Cybersecurity researchers have recently discovered two major CPU vulnerabilities affecting nearly all the computer devices we use today. The flaws – called Meltdown and Spectre – are present in modern Intel, AMD and ARM processors and affect personal computers, mobile devices, and even cloud infrastructure.
These vulnerabilities are unique in that they are not due to the physical mechanisms of the chips or more commonly seen software bugs. Instead, the problem exists at the architecture level of the CPU and can expose virtually all data the computer processes.
Chips manufactured as early as 2011 were tested and found to be at risk, but theoretically every Intel processor dating back to 1995 could be affected. Due to the nature of the flaws, all software platforms – including Windows, OS X and Android – are vulnerable and it is unlikely that traditional antivirus could detect or block an attack.
Some software patches have been released to safeguard Windows, Linux and OS X computers from Meltdown, and additional protections are being developed. It appears, though, the Meltdown fixes may reduce the performance of Intel Chips, particularly on data center servers.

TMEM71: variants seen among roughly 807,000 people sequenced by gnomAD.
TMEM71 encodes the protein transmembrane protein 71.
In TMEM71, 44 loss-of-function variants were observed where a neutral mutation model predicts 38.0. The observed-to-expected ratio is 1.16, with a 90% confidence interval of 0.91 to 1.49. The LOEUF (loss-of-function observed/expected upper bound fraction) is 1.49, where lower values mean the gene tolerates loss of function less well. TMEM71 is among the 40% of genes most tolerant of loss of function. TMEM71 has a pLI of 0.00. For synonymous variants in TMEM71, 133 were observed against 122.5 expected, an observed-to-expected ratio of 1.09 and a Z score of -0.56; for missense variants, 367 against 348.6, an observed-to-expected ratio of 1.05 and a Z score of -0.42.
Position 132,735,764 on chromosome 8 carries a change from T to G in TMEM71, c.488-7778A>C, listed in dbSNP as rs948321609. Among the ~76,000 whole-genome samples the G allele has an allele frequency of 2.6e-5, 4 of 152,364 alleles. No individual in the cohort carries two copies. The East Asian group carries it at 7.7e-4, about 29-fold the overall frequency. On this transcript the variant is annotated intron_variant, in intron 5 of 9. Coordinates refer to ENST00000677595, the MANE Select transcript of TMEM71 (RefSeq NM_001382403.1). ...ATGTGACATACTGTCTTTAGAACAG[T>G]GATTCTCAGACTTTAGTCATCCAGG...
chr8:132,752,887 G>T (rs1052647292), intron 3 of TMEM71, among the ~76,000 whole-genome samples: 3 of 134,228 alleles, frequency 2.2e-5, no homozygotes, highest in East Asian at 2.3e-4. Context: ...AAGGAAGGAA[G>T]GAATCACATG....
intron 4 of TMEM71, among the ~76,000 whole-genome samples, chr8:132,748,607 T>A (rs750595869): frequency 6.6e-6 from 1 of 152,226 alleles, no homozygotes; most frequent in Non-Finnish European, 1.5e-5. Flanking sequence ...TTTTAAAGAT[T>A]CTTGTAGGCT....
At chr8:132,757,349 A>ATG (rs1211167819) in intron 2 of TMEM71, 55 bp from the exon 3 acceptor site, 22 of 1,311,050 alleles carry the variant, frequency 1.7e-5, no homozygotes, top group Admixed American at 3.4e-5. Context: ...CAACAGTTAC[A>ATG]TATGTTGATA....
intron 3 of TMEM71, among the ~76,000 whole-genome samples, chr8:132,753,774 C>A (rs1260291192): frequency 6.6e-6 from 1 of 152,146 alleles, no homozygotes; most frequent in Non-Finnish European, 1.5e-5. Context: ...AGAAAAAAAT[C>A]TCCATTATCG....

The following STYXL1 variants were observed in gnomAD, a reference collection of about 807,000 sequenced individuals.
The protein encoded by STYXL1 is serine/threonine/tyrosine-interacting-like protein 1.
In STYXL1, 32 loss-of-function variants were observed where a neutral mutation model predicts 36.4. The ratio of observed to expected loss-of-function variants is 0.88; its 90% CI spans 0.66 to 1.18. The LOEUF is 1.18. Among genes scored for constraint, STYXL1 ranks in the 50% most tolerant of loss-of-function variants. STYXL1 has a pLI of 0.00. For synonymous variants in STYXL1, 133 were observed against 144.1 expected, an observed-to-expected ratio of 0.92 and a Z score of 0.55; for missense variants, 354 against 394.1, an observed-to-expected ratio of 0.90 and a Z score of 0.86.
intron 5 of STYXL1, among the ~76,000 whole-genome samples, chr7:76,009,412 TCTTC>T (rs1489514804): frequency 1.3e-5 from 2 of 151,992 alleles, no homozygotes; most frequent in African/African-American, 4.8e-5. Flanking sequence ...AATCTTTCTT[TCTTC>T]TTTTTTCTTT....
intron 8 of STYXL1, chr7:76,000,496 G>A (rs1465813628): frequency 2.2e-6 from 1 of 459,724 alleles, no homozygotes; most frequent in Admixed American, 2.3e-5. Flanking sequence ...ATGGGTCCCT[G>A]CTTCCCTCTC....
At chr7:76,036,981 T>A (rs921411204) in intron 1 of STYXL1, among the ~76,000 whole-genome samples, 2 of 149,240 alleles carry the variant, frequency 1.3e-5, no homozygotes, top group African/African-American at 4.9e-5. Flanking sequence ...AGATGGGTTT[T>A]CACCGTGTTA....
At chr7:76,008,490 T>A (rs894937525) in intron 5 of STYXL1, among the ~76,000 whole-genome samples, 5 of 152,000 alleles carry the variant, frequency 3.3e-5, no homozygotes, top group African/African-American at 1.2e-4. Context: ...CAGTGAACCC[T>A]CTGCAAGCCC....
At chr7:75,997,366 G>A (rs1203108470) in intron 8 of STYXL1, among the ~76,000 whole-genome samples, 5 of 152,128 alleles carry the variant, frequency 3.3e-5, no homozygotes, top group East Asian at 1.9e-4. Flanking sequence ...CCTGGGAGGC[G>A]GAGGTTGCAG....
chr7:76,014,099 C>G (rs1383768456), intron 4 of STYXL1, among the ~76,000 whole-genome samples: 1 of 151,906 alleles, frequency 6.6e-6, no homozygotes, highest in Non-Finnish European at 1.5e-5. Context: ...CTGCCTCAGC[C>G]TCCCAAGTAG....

No solution for Spectre has been identified, and experts do not expect it to be fixed any time soon. The fact that this vulnerability is so closely tied to the way in which the processor operates has made it impossible for researchers to yet find a way to avoid it entirely.
In the meantime, companies across the world are working to understand the real-world risks posed by these flaws and develop ways they can be mitigated.
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